Retirement Savings: A Boost For The Needy
By Laura D'Andrea Tyson
There is a mounting retirement savings crisis in America. Too many middle- and low-income Americans are saving too little. The plunge in the U.S. household savings rate over the past decade has occurred just as baby boomers should be saving in earnest for their looming retirement. Even worse, personal savings have dipped just as employers have dropped defined-benefit pension plans in favor of defined-contribution plans -- shifting both the responsibility and investment risks of retirement savings onto workers. The good news is that there are some relatively simple and inexpensive policies that could ease this crunch.
Two recent studies from the Retirement Security Project, a joint venture between the Brookings Institution and Georgetown University, demonstrate that savings plans that combine accessible information with ease of use and modest financial incentives can boost retirement savings -- even among middle- and low-income households.
For households on the verge of retirement -- those headed by someone between 55 and 59 -- the median value of savings held in both individual IRA accounts and employer 401(k) plans is a meager $10,000. Despite both tax advantages and matching contributions by employers, only about half of American workers participate in 401(k) and other employer-based retirement savings plans.
WHY AREN'T MORE AMERICANS taking advantage of such options? Many employers still don't offer such plans. Tax incentives for participating are quite small for most middle- and low-income workers who fall in the 10% to 15% income tax bracket. And many workers lack financial experience, training, or time to invest in 401(k) plans. Those obstacles have led to some dismal numbers. According to Alicia H. Munnell, an Assistant Treasury Secretary in the Clinton Administration, fewer than 10% of eligible workers contribute the allowable maximum to 401(k) plans; more than half fail to diversify, especially beyond their employers' stock; few rebalance portfolios in response to age or market returns; and almost half withdraw from 401(k) plans when they change jobs.
A change in tax policy is needed to reduce the "upside-down" nature of existing tax preferences that bestow the largest retirement savings incentives on upper-income households -- and minimal incentives on low-income families. That won't happen soon. In the meantime, according to a Retirement Security Project study, "automatic 401(k)" plans are a simple effective approach to encouraging more retirement saving by middle- and low-income workers. The core features of these plans are automatic enrollment of all employees unless they actively opt out; automatic increases in contribution rates as a share of earnings over time; automatic investment of contributions into balanced low-cost investment funds; and automatic rollover of savings into alternative retirement plans when workers switch jobs. (Workers would have the right to override these defaults.) Today, only about 10% of 401(k) plans have automatic enrollment. Yet the evidence indicates that automatic sign-up would raise participation from about 75% of eligible employees to up to 95%.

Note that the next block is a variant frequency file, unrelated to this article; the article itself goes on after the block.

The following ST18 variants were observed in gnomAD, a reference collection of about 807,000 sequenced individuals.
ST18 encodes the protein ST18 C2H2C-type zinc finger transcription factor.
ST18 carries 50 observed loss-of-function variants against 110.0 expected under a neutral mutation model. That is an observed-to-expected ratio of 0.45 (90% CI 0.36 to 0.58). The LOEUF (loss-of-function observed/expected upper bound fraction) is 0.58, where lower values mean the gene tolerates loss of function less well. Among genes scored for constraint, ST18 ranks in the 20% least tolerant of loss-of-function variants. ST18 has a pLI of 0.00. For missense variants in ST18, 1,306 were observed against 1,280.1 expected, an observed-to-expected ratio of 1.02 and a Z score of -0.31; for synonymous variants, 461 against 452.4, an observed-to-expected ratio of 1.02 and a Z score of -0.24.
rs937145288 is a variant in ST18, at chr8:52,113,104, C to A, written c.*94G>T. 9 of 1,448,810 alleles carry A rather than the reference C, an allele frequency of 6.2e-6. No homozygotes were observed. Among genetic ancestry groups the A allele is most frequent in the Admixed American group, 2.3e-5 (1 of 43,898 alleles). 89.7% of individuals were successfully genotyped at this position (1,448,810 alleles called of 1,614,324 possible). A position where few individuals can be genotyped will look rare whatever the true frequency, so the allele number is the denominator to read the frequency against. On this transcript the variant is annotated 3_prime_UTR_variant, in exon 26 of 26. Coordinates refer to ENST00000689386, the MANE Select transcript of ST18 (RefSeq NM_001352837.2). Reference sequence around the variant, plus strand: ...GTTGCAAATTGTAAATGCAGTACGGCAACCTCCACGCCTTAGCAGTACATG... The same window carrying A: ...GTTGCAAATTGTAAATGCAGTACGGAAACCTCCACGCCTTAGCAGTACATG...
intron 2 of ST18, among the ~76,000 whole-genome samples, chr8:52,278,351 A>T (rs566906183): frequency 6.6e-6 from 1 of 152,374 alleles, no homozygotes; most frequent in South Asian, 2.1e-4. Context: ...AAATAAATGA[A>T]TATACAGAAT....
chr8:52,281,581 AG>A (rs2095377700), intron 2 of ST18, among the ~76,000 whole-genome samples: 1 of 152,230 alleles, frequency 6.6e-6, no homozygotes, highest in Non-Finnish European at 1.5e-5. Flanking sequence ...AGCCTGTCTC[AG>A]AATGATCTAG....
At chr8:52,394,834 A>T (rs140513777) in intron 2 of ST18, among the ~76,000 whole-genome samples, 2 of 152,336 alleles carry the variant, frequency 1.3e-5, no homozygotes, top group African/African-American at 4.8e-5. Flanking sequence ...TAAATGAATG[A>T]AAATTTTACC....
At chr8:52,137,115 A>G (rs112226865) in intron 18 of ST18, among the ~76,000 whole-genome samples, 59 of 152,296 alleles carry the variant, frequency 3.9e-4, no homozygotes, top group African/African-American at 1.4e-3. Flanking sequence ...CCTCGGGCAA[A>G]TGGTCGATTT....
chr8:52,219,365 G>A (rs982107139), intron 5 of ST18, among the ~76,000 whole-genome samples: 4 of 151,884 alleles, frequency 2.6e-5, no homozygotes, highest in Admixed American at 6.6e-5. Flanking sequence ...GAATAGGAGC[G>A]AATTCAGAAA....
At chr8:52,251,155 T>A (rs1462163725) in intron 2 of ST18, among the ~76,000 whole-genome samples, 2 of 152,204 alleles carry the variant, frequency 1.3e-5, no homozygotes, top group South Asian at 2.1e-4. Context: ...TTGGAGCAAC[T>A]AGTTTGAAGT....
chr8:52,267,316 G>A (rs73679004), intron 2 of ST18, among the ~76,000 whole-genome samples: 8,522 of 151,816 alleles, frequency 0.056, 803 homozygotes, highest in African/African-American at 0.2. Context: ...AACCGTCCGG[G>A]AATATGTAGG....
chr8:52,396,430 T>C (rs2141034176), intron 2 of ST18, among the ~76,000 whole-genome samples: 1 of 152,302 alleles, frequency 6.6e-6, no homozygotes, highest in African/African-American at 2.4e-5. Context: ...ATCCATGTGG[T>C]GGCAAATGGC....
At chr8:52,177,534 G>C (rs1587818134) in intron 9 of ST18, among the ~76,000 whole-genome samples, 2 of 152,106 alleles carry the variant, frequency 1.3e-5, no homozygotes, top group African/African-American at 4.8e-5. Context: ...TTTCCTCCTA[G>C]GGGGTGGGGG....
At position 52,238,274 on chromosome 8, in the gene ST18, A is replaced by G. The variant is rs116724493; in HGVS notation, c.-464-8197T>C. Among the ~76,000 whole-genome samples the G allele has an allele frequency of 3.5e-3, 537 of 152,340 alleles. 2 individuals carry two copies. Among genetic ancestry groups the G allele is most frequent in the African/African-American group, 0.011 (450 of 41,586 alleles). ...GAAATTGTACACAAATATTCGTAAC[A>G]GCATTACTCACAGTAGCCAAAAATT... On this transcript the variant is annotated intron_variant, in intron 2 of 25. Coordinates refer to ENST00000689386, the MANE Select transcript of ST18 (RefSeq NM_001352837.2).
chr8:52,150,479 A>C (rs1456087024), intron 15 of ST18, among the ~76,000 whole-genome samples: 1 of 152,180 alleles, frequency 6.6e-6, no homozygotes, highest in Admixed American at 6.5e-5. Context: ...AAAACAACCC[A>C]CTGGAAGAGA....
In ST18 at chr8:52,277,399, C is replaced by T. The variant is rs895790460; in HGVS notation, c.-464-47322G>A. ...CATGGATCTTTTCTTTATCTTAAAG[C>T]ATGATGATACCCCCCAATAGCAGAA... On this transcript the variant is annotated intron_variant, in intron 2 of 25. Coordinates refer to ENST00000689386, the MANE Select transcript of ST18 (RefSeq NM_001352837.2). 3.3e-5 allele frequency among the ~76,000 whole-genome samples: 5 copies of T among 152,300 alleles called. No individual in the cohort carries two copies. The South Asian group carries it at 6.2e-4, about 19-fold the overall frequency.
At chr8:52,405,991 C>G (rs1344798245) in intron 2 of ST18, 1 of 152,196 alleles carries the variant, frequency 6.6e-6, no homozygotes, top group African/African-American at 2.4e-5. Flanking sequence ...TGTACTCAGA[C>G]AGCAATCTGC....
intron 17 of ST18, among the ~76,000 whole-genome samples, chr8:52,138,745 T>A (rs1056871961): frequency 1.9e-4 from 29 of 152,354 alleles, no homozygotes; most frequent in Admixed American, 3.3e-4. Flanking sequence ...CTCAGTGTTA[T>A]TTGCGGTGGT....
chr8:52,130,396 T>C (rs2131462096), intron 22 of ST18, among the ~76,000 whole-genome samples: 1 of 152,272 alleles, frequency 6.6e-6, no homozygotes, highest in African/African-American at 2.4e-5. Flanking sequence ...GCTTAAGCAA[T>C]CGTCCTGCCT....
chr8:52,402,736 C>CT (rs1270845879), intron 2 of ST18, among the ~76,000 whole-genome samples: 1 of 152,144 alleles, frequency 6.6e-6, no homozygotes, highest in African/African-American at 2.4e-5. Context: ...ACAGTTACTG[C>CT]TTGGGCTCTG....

IRAs, the other major tax-advantaged retirement savings vehicle, have even lower participation rates than 401(k) plans among middle- and low-income households. A fascinating study by the Retirement Security Project in conjunction with H&R Block (HRB ) finds that providing simple matching incentives can increase both the percentage of such households that contribute to IRAs and the size of contributions. H&R Block employees offered about 15,000 randomly selected clients from predominantly low- and middle-income households a 20% match, a 50% match, or no match on IRA contributions. Only 3% of those offered no match chose to contribute to an IRA, compared with 10% for those offered a 20% match, and 17% for those with a 50% match. Household IRA contributions above the match were four times larger with a 20% match and eight times larger with a 50% match. A 50% government match for IRA contributions up to $2,000 by families making less than $50,000 a year would cost about $15 billion.
According to Treasury estimates, current tax preferences for savings total about $150 billion a year. Yet the lion's share benefits high-income households that already have nice nest eggs. Meanwhile, low- and middle-income families struggle to save enough for retirement. Automatic 401(k) plans and simple-to-use federally funded matches on IRA contributions could help solve their retirement crisis.
Laura D'Andrea Tyson is dean of London Business School (email@example.com).